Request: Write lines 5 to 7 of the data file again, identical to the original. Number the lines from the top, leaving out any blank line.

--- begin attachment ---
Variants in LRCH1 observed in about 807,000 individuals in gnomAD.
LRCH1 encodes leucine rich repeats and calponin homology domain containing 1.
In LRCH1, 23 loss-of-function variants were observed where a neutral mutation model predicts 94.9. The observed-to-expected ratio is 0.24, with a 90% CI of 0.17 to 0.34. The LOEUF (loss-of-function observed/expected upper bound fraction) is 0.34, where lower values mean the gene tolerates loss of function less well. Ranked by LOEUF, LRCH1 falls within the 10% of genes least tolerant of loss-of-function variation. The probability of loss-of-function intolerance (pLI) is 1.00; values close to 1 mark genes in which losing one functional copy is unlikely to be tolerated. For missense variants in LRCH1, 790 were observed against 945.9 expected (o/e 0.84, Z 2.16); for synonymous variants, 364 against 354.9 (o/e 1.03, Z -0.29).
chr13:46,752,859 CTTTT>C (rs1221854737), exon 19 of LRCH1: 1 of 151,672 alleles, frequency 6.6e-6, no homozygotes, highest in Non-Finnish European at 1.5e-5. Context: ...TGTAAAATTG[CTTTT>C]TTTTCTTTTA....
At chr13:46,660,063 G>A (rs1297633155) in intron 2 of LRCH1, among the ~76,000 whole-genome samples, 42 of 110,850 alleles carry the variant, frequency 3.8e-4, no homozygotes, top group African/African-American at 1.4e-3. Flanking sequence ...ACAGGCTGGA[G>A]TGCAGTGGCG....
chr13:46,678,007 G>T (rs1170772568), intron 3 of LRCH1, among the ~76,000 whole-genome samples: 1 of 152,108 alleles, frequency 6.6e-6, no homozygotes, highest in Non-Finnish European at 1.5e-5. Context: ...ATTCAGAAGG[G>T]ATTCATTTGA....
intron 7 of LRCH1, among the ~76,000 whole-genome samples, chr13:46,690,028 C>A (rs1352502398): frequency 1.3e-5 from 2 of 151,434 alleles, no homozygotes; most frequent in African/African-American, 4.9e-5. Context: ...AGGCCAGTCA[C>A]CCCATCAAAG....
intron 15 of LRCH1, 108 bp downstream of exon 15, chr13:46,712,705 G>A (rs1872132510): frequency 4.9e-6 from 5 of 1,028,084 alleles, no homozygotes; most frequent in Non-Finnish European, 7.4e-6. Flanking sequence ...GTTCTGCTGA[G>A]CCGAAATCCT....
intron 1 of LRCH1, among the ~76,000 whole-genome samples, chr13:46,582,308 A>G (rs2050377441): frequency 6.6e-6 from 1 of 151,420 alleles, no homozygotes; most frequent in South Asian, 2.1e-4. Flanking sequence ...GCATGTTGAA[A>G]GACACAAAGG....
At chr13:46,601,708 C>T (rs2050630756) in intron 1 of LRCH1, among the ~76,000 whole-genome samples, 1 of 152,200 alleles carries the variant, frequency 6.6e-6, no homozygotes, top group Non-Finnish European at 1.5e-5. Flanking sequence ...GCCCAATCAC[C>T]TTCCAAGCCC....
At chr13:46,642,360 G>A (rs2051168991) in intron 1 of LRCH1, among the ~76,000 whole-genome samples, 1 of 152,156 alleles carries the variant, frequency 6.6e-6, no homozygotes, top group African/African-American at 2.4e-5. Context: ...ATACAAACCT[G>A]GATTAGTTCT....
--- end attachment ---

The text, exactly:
At chr13:46,660,063 G>A (rs1297633155) in intron 2 of LRCH1, among the ~76,000 whole-genome samples, 42 of 110,850 alleles carry the variant, frequency 3.8e-4, no homozygotes, top group African/African-American at 1.4e-3. Flanking sequence ...ACAGGCTGGA[G>A]TGCAGTGGCG....
chr13:46,678,007 G>T (rs1170772568), intron 3 of LRCH1, among the ~76,000 whole-genome samples: 1 of 152,108 alleles, frequency 6.6e-6, no homozygotes, highest in Non-Finnish European at 1.5e-5. Context: ...ATTCAGAAGG[G>T]ATTCATTTGA....
intron 7 of LRCH1, among the ~76,000 whole-genome samples, chr13:46,690,028 C>A (rs1352502398): frequency 1.3e-5 from 2 of 151,434 alleles, no homozygotes; most frequent in African/African-American, 4.9e-5. Context: ...AGGCCAGTCA[C>A]CCCATCAAAG....